Spain’s illicit economy—all that is unaccounted for because it’s illegal or unreported—is worth an unseemly 20% of the country’s GDP, according to a new report by Spain’s Foundation for Financial Studies (FEF). That’s higher than every other country in the European Union except Italy, with 21%.
Illicit activity, while technically illegal, doesn’t necessarily mean drug-related or violent. Much of Spain’s unreported business is due to labor law and tax circumvention, which varies widely from industry to industry. Some sectors are relatively clean, like Spain’s financial industry, where the rate of illegal activity is believed to hover below 10%; others are ridden with messy, unreported business, like the country’s construction industry—Spain’s most flagrant offender—whose rate clocks in at 35%.
The effects of such a massive, underground economy are substantial—for example, more than a million Spaniards are believed to be employed by the country’s unreported economy, and thus, unemployed by the country’s official economy. Spain’s unemployment has ballooned since the onset of the euro zone crisis, but many of those reportedly unemployed may simply be earning their money informally. As much as $26 billion dollars in taxes are also being withheld from tax authorities—money that the government especially needs now amidst an acute financial squeeze. But what’s perhaps most detrimental about the country’s enormous illicit economy is its ability to skew Spain’s economic data, president of FEF Juan Carlos Ureta explained.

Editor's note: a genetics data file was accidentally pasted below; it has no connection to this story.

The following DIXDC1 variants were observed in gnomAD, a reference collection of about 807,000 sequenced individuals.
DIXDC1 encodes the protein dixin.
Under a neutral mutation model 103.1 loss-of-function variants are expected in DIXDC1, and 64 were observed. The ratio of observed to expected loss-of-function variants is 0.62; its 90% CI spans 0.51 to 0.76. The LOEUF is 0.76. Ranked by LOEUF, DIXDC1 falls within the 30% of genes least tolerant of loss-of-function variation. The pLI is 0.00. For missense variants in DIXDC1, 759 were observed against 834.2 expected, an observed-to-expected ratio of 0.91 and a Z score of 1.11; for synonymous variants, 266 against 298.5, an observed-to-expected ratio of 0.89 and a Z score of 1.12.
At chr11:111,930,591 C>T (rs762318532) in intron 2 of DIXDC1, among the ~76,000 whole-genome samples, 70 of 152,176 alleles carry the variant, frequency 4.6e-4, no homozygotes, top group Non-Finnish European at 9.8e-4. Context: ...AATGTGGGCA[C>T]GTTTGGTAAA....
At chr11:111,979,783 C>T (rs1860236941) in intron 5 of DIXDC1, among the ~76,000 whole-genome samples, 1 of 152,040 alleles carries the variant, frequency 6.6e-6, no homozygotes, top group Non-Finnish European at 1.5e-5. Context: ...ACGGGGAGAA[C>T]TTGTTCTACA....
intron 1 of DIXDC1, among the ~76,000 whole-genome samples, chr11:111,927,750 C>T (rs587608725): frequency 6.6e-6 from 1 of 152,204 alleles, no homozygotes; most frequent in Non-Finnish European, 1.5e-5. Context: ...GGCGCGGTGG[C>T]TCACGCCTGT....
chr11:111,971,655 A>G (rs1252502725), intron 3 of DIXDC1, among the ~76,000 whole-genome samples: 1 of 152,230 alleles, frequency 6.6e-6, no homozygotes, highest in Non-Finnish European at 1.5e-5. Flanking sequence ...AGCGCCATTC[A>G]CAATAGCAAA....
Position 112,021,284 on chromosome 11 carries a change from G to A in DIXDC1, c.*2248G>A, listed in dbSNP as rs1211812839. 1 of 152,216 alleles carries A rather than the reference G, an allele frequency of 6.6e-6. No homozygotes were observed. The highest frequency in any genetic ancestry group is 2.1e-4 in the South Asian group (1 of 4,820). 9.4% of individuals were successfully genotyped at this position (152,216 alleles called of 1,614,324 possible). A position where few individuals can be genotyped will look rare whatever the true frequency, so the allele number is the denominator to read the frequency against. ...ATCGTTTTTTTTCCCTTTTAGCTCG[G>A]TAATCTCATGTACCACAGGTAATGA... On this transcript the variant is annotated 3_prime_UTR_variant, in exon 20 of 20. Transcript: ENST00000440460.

It looks like we have more unemployment than we do, and more fiscal deficit than we do, and this lessens foreign confidence.
Spain’s unemployment rate, which hovers just below 30%, is an eyesore, no doubt. And the country’s inability to forecast and control its deficits has forced it to create an independent fiscal authority to monitor the government’s finances. But the upside is the country can improve its economic outlook by merely coercing some of its illicit economy back into the public sphere.
Among the report’s many suggestions for chipping away at the country’s informal economy is lowering Spain’s high personal and company tax rates, which discourage official activity. It also advocates the creation of “mini-jobs,” which employ workers for up to 40 hours a week for up to $520 a month and are meant to incentivize those working in Spain’s underground economy to gradually shift into its official one.
While neither of the measures will fix Spain’s wounded economy entirely, one thing is certain: an illicit economy worth 20% of the country’s GDP isn’t just unhealthy—it’s unsustainable.